The new Olympic qualification system is based on individual performance and compels athletes to compete at least once every six months, and six times overall in the 18-month period that started last November.
"This innovative approach seems to be effective as, aligned with the IWF’s tough anti-doping activity, cheating athletes - and eventually Member Federations - will have no chance to participate at IWF events and qualify to the Olympic Games," Adamfi said
The IOC has effectively put weightlifting’s place on the Olympic Games schedule on hold beyond Tokyo 2020, because of its doping problems.
But it is supportive of the Tokyo 2020 qualifying programme, and of the IWF’s partnership with the Independent Testing Agency that started on January 1 this year.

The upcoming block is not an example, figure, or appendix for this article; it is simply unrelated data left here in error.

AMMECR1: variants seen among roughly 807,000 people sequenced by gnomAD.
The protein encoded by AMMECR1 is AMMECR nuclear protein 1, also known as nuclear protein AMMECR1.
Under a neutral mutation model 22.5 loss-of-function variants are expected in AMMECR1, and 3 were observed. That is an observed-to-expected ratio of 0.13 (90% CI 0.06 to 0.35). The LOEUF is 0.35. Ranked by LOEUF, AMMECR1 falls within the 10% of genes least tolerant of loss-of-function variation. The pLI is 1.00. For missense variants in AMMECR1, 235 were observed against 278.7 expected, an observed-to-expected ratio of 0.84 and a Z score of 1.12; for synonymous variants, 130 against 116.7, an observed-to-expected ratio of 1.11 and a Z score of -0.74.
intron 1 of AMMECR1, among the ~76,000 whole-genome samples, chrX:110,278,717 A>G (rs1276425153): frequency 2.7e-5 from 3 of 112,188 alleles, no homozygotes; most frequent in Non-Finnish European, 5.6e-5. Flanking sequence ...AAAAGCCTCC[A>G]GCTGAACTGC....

"The cooperation with ITA will hopefully strengthen even more the tough approaches of IWF," said Adamfi.
"Like any other sport, making sure that weightlifting is clean is a team effort.
"We have worked well as a team with the IOC and WADA (World Anti-Doping Agency), and with the independent bodies in our own sport, not just to catch the cheats but to educate our athletes and our coaches and to change the culture.
"We've been very encouraged by the progress we've made and are very happy with the message it sends to young athletes thinking of committing themselves to weightlifting."